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PostPosted: Wed Apr 13, 2005 10:21 am    Post subject: Reply with quote  Mark this post and the followings unread

I'd be curious to see what frequencies the BPL claimed to be using. The FCC has guidelines for interference and even if they give them a huge frequency range or even some harmonics on it, that kind of broad ranging interference I don't think would be allowed.
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PostPosted: Wed Apr 13, 2005 10:43 am    Post subject: Reply with quote  Mark this post and the followings unread

One of the modulation schemes is from 1.5 thru 30 MHz. Shocked
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PostPosted: Wed Apr 13, 2005 11:03 am    Post subject: Reply with quote  Mark this post and the followings unread

I been talking to some engineers around here and does that guy have any information about his location? It sounds suspiciously like carona flare from a bad insulator. I'm not saying he's wrong or anything but it would help his case to pan up and see that he's not 5 feet from a high voltage line
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PostPosted: Wed Apr 13, 2005 12:19 pm    Post subject: Reply with quote  Mark this post and the followings unread

You know as much as I know.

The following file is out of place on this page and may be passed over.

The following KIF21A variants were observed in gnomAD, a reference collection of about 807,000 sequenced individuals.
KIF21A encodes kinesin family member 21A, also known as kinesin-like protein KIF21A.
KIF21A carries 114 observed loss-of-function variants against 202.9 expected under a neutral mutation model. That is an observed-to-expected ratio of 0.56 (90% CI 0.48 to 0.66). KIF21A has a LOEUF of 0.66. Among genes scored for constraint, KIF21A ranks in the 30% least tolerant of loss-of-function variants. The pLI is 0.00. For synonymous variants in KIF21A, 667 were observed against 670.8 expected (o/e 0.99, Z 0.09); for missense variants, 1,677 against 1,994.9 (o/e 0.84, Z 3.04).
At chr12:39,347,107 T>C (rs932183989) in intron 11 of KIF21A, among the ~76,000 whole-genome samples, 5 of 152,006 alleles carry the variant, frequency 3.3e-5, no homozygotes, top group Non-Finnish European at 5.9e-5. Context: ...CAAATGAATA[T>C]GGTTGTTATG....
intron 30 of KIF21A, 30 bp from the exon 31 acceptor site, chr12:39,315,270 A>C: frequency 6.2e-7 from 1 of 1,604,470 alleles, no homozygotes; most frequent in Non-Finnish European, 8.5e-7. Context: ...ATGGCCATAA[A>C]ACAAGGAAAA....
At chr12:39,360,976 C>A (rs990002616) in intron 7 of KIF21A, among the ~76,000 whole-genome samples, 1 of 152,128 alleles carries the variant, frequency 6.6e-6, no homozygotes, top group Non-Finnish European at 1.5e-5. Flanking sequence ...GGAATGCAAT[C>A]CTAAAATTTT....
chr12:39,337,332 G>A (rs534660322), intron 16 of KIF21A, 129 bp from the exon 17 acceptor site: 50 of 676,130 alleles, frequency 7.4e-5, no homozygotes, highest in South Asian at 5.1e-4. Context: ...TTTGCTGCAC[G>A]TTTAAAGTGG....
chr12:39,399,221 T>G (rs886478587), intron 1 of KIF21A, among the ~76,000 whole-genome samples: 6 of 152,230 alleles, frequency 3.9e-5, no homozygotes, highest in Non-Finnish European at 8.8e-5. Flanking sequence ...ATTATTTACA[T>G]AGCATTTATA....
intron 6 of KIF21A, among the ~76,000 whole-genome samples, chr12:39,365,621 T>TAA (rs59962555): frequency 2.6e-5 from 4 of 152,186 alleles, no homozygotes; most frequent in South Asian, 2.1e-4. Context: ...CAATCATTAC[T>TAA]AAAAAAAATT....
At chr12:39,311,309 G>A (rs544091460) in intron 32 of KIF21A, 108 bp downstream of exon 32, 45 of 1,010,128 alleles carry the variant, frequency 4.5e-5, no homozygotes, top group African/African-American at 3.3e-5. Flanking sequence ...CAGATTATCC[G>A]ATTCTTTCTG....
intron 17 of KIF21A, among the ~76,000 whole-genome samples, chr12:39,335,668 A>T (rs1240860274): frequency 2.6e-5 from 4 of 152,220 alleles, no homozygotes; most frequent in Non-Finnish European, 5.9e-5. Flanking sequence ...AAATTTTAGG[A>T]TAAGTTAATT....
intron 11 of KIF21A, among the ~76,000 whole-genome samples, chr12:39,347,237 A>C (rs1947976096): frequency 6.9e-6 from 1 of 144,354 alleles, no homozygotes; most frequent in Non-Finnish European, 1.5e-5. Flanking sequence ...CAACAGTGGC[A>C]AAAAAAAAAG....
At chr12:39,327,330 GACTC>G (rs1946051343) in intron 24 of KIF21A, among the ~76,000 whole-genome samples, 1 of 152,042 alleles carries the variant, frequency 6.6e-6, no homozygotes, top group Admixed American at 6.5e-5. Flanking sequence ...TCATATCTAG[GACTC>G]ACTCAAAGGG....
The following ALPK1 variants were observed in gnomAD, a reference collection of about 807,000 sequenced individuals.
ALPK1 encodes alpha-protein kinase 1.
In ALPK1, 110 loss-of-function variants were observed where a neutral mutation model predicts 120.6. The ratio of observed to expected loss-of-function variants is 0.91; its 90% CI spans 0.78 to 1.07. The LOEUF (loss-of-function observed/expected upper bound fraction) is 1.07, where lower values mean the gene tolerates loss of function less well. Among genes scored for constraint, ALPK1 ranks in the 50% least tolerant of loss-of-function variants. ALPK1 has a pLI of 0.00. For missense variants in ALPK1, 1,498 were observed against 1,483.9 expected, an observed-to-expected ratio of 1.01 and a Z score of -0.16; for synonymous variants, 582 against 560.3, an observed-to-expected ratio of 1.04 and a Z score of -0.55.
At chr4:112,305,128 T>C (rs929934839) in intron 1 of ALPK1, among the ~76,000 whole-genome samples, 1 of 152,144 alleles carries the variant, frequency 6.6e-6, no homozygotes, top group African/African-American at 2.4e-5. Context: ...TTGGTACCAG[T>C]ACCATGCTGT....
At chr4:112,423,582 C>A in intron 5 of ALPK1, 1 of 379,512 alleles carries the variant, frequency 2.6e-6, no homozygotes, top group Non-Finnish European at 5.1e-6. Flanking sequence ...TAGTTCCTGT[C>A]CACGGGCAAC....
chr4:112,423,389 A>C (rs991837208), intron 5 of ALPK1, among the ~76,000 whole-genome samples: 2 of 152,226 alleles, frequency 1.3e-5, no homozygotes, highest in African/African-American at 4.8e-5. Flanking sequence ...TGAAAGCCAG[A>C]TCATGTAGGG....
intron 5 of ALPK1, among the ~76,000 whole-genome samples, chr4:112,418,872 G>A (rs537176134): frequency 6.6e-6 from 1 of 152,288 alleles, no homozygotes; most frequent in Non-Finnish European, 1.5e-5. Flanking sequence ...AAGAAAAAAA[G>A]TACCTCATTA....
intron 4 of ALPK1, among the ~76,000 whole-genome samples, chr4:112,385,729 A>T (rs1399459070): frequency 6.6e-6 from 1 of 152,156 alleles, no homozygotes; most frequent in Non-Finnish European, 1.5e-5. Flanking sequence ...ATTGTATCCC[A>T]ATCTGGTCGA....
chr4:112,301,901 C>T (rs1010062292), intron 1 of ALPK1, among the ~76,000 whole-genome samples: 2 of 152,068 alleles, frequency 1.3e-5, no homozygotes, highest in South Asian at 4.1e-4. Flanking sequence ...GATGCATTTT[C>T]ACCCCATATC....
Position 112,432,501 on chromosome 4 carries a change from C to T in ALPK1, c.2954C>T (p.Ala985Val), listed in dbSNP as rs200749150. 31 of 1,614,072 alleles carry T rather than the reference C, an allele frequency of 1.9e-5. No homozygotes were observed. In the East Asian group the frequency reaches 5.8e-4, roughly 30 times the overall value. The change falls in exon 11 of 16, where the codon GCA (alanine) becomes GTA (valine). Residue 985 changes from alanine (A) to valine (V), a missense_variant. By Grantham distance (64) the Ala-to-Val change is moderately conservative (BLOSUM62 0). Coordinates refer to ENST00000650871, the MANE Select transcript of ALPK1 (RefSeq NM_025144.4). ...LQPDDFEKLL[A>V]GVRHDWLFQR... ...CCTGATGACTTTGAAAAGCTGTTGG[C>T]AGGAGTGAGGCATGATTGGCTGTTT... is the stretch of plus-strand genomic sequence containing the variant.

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PostPosted: Wed Apr 13, 2005 12:50 pm    Post subject: Reply with quote  Mark this post and the followings unread

Agree - we gotta save the hams (and more) and not pollute the open air spectrum unduly Smile

Haven't had time to read all the references (thanks elektro!), only skimmed a few. There are obviously valid concerns with the current way of going about it.

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PostPosted: Wed Apr 13, 2005 1:41 pm    Post subject: Reply with quote  Mark this post and the followings unread

I didn?t find my list of european tech papers on the subject. Sad
Those are far more informative.

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PostPosted: Fri Apr 15, 2005 7:51 pm    Post subject: Reply with quote  Mark this post and the followings unread

in discussing this with someone today, it was claimed that the appliance industry is part of the special intrest behind this technology. makes connecting the coffee grinder to the internet much easier.